Here’s a fascinating piece of research: Judges who were informed that a convicted criminal was genetically predisposed to violence meted out lighter sentences to him than they otherwise would have.
The New York Times called the research, which was published in the journal Science, “the most rigorous study to date of how behavioral biology can sway judicial decisions.” The newspaper even predicted that the findings will prompt lawyers to use more “brain science” in their cases.
Defense attorneys have been using brain scans of convicted defendants as mitigating evidence in appeals of death sentences, according to The Times.
The new study found that so-called neurobiological evidence “reduced judges’ sentences by an average of about 7 percent for a fictional defendant convicted of battery and identified as a psychopath,” The Times wrote.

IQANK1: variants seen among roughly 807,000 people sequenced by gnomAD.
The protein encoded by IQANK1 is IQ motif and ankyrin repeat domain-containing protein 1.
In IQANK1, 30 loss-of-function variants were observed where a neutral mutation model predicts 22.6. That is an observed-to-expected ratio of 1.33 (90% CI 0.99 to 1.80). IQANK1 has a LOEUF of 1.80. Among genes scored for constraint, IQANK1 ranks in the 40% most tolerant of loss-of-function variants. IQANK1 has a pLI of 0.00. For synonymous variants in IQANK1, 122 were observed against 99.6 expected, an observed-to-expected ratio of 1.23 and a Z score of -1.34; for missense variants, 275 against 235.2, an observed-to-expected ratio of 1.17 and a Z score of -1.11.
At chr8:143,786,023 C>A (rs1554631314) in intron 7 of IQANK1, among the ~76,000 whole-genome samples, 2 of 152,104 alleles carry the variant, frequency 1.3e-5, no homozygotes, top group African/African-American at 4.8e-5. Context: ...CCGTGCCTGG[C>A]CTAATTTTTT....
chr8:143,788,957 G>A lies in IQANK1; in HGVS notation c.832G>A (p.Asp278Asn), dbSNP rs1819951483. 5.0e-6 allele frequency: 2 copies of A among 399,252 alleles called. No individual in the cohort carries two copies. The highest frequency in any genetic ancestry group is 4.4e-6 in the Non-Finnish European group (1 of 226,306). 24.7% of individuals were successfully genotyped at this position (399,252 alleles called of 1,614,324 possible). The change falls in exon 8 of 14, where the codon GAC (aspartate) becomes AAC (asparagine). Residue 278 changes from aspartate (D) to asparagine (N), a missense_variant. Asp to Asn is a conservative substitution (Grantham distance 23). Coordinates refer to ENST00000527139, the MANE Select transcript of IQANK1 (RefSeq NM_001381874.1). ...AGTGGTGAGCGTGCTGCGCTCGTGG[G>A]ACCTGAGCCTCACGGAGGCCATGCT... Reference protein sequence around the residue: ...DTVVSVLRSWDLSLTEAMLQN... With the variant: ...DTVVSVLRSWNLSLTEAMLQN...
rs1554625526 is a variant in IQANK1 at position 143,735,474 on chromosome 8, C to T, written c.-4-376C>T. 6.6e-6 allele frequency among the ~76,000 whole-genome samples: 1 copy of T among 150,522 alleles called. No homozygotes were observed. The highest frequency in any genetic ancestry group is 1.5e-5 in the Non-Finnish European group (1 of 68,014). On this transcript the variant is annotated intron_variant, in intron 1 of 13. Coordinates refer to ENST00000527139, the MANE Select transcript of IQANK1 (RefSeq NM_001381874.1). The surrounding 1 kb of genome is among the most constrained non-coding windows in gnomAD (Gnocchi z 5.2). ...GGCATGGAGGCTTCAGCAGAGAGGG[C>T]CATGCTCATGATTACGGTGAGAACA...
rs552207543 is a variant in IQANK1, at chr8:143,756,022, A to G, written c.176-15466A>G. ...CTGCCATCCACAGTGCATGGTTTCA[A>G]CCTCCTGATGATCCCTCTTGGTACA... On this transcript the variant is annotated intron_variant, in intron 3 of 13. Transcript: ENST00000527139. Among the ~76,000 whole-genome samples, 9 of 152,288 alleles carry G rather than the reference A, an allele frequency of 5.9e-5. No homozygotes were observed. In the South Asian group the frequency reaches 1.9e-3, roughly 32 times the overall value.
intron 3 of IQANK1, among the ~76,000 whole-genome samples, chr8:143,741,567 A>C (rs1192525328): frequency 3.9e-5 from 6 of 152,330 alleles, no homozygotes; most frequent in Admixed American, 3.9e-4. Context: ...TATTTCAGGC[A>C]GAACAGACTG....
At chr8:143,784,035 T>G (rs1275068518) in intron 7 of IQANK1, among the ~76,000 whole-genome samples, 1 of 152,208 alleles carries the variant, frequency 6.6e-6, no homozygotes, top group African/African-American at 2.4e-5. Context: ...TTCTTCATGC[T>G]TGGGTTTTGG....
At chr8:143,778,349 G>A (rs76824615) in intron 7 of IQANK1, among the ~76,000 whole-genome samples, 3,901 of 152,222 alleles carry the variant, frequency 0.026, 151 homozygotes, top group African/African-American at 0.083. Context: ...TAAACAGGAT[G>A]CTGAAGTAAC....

Here is the set-up for the research. The University of Utah enlisted 181 judges from across the country who had to read the file on a fictional defendant who had been convicted of beating a restaurant manager with a gun butt, according to The Times. The file had materials that said that the defendant after testing had been determined to be a psychopath.
The files were given to the judges, but one half of those files included testimony from an expert on psychopathy who said that the defendant had a gene that had been tied to violent behavior, by affecting brain development, The Times reported. As it turned out, the judges who had been given that testimony wound up giving the defendant, on average, a 13 year sentence.
That was a year less than the jurists who had not been given the expert testimony about the defendant and his genetics, according to The Times.
So basically, the study found that a criminal with a genetic predisposition for violence is essentially held somewhat less responsible for his actions by judges than other defendants.
The details of the research are outlined in The Times story, and make for a good read.
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